But while I didn’t know Pulse was a staple for the LGBT community, you don’t know Orlando beyond its reputation as a tourist trap. It’s by far the most diverse city I’ve ever lived in, and that includes Los Angeles. And here is where I seek to be honest with you and maybe give you a sense of hope. Because there are reasons for hope.

You, the LGBT community, are truly not alone. If anything, despite the way we fuss over certain things such as Chik-fil-A or transgender bathrooms, the bigger picture is the level of acceptance there is for LGBT.

If we didn’t accept the community, we wouldn’t care as much as we do when a tragedy such as this hits.

How do we know?

First, Pulse is not “the gay bar” in Orlando. It is “a gay bar.” While I didn’t know Pulse focused on LGBT, I have seen other clubs with rainbow flags prominently displayed. Larger clubs, too. If you are in that community, know that in central Florida it has not been fractured or extinguished. Because…

Secondly, blood banks across the city were jam-packed with donors and houses of worship are full of faithful praying for the victims, their families, etc. I know this to be true. I donated today. I waited for at least five hours.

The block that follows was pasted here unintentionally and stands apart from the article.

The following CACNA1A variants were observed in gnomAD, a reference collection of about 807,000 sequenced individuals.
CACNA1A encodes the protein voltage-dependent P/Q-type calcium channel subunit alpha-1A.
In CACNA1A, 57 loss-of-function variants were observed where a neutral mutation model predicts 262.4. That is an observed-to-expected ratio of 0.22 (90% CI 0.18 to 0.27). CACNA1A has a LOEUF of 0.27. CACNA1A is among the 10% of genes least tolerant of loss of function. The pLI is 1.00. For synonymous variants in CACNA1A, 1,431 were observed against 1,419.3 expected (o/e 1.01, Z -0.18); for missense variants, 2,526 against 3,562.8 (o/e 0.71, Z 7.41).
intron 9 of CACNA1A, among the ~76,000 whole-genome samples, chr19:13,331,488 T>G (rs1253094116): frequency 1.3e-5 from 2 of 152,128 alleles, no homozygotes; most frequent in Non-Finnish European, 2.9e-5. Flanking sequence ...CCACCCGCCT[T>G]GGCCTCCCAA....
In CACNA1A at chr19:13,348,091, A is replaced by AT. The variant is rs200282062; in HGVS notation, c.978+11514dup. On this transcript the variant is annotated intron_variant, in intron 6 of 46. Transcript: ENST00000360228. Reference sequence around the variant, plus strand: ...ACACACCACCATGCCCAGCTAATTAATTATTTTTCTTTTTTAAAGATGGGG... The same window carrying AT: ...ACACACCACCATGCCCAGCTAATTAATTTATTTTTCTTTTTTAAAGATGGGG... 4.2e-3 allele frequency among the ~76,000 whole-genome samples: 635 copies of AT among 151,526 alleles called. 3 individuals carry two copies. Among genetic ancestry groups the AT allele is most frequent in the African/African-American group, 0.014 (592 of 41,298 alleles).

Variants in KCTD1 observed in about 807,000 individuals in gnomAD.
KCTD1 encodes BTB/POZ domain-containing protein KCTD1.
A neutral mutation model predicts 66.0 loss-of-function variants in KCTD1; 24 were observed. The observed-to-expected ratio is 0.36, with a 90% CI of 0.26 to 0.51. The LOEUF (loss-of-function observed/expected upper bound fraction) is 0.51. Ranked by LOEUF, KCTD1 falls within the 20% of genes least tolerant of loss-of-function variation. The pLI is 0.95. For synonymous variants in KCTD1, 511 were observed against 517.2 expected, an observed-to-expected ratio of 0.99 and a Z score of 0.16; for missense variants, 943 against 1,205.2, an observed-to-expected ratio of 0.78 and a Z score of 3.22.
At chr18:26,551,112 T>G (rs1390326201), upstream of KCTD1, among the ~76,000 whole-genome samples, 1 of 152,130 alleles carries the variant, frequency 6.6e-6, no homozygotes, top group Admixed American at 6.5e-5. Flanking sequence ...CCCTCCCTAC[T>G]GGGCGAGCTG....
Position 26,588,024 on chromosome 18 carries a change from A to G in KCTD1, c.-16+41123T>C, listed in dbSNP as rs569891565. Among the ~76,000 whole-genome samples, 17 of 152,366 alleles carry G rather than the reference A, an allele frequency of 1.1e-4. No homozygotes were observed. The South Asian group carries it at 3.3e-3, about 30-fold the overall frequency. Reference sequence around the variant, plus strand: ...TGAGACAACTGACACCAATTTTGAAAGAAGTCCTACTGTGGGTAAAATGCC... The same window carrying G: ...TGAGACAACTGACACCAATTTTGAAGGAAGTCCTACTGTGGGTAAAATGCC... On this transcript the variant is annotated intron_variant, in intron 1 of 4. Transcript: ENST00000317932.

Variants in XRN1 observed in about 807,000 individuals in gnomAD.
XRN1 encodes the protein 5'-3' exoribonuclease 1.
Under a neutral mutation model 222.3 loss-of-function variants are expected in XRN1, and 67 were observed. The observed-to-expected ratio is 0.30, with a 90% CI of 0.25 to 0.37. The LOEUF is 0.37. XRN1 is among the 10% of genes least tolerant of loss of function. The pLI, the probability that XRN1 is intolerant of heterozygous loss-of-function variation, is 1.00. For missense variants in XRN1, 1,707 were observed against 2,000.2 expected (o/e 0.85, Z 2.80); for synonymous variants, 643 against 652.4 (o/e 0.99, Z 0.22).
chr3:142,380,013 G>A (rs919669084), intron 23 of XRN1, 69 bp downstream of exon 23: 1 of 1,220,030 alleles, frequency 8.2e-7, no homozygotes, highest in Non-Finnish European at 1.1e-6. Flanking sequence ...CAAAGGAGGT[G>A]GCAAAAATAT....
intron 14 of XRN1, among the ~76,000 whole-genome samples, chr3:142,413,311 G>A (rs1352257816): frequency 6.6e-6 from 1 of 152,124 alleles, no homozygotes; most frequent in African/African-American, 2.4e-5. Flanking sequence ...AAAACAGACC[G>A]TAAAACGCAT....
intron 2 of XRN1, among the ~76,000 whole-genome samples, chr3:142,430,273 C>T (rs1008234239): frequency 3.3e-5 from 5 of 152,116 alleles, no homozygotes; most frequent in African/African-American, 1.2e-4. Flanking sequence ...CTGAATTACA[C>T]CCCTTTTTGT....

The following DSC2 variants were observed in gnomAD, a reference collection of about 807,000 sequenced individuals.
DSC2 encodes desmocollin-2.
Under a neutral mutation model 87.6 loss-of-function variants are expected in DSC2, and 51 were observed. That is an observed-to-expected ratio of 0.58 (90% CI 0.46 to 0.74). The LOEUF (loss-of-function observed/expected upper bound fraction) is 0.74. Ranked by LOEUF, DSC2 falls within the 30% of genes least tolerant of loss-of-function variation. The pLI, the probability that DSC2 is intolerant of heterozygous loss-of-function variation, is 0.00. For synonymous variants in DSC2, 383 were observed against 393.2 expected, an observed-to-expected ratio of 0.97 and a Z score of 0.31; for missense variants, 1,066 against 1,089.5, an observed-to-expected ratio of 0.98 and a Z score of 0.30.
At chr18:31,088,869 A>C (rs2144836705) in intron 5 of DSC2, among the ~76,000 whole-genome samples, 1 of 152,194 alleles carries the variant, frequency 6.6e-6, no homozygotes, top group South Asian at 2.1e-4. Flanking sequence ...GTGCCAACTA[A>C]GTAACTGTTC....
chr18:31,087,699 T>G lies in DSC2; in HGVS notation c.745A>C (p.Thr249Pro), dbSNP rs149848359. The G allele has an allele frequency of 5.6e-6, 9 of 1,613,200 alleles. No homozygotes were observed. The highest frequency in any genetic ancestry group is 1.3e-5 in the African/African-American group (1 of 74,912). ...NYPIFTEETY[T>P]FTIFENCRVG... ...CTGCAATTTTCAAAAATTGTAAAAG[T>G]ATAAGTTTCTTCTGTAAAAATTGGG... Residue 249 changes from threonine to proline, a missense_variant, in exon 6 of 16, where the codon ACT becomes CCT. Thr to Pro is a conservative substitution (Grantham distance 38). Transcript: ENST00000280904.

When I first heard about “the shooting,” I had just woken up and had incorrectly thought it was a reference to a young singer who was killed Friday. It took another hour or so before I switched on the news and things pieced together.

I’d like to say I immediately helped, but that would be a lie. The police wouldn’t let anyone in the perimeter, which included my health care clinic. In addition, it’s rather difficult to pin down where to donate blood on a Sunday.

But thousands of people scrambled to help. They sought to help the first responders. They sought to help the victims. They sought to help those helping the victims and the first responders. And we all aren’t stupid. We all knew we were ultimately helping the LGBT community. 

It didn’t matter. Nobody hesitated. People you might think would have hesitated, didn’t. Not Republicans or Trump supporters. Not people backing Clinton or those still feeling the Bern. Not the wealthy. Not Christians, Jews and yes, even Muslims. I know this to be true because representatives of a Shia group arrived with water and snacks for donors standing under a bright sun at the start of a most humid summer.

The Muslims didn’t broadcast their faith, either. Their T-shirts had a word in extremely small print that I had to look up on my smartphone. I might be the only one who knew they are Shia. They didn’t say “Hey, we’re not like him.” They smiled and offered help out of a fundamental sense of what is the right thing to do.